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LA Film Festival: A Quick Preview of Films, Panels and Coffee Talks
The LA Film Festival opens Wednesday, and runs through June 9 at the ArcLight Cinemas in Hollywood and Culver City, with additional screenings at LACMA, the Theatre at Ace Hotel and Figat7th. Film Independent—the organization behind the festival—has programmed a diverse array of films, with a planned 56 feature films, 58 short films and 13 short episodic works representing 28 countries.
The festival kicks off tonight at the Cinerama Dome with the world premiere of Ricardo De Montreuil’s Lowriders, starring Eva Longoria, Demián Bichir, Melissa Benoist, Theo Rossi, Tony Revolori and Gabriel Chavarria. The film focuses on a second-generation East L.A. family, with car culture as a backdrop. The U.S. premiere of Jonás Cuarón’s Desierto, a suspense-thriller with Gael García Bernal as a Mexican migrant fighting nature and a deranged vigilante for survival along the U.S.-Mexico border, will close out the festival.
Even though the films bookending the festival are open to passholders only, there are a number of other worthwhile films, programs and events happening throughout the festival’s run. The LA Muse Section, which highlights quintessentially L.A. stories, is always fun. We’re also looking forward to checking out Episodes: Indie Series From The Web—a showcase of web series on the big screen.
Among the dozen films in the US Fiction Competition, Amber Tamblyn makes her directorial debut with the drama Paint It Black, as does Grecian Olympic hopeful Alexi Pappas who co-directs and stars in Tracktown. The festival’s Buzz section celebrates the L.A. premieres of films that have gotten noticed at other festivals around the world. Writer/director Mike Birbiglia’s Don’t Think Twice, a comedy about a struggling improv group, is screening in the Buzz section, along with Justin Tipping’s Kicks, a coming-of-age story spurred by a stolen pair of Air Jordans.
Screening in the glamorous Limelight section are David F. Sandberg’s Lights Out , which stars Teresa Palmer and Maria Bello and looks scary AF, along with FREE CeCe!, which was directed by Jacqueline Gares and co-written with Laverne Cox (who also produces). The documentary tells the story of CeCe McDonald, a transgender woman who survived a brutal attack, only to be incarcerated for defending her life.
Other happenings at the LA Film Festival:
The world premiere of Susan Bonds and Alex Lieu’s’ Zedd True Colors on June 2 at 8 pm at The Theater at Ace Hotel. The film follows EDM artist Zedd as he creates his latest album True Colors. The screening is followed by a Q&A with the musician and directors and a short acoustic performance by Zedd and special guests Kesha, Aloe Blacc and Sydney from Echosmith. Tickets: $25-$65.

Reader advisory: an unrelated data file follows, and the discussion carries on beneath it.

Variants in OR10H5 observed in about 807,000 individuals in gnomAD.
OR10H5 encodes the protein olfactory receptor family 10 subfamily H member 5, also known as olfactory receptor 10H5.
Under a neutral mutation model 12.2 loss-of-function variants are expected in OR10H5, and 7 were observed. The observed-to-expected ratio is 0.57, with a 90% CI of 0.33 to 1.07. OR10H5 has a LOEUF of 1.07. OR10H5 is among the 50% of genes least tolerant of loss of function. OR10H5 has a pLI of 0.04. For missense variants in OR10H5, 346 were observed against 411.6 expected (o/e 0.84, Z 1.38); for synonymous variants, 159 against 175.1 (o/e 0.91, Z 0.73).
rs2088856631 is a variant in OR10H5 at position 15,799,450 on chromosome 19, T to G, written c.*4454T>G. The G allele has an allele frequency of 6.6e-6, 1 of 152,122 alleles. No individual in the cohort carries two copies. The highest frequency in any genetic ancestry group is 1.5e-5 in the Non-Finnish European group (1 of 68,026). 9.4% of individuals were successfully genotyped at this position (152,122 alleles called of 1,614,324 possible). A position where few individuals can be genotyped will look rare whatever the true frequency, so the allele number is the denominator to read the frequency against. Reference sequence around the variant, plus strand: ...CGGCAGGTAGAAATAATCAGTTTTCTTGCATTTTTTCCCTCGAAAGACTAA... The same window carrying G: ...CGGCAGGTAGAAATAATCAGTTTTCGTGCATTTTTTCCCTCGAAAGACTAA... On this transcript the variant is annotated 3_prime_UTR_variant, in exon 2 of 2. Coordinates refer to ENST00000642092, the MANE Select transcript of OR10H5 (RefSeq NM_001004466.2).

The festival offers a couple of outdoor, free screenings at Figat7th: Ghostbusters (the original) on June 3 and Independence Day on June 4. There’s also a free screening of Shrek on June 4 at the ArcLight Culver City.
On Sunday, June 5 at the Culver Hotel, the festival holds its popular Coffee Talks series, where filmmakers, writers and actors discuss their craft with peers. Participating directors include Damien Chazelle (La La Land, Whiplash), Tim Miller (Deadpool), Lucy Walker (Waste Land) and Patricia Riggen (Miracles from Heaven, The 33), and screenwriters Fede Alvarez (Don’t Breathe, Evil Dead), Phil Johnston (Zootopia, Cedar Rapids) and Phyllis Nagy (Carol, Mrs. Harris). The actors’ panel includes John Cho (Star Trek Beyond, Harold & Kumar Go to White Castle), Tony Hale (The Angry Birds Movie, Veep) and Paul Scheer (Opening Night, The League).
There are other conversations and programs that sound just as interesting as the Coffee Talks: Nate Parker's Labor of Love: The Birth of a Nation at ArcLight Culver City on June 2; Ryan Coogler: Crafting the Sounds and Score of Creed and Women Behind the Lens: Spotlight on Cinematographers both on June 4 at the ArcLight Culver City, along with An Evening with...The People V. O.J. Simpson: American Crime Story on June 7 at LACMA.
The ArcLight Culver City serves as the festival’s new home base, but please check your tickets for other venues. Individual tickets are still available and run $13-$25; passes start at $315-$350.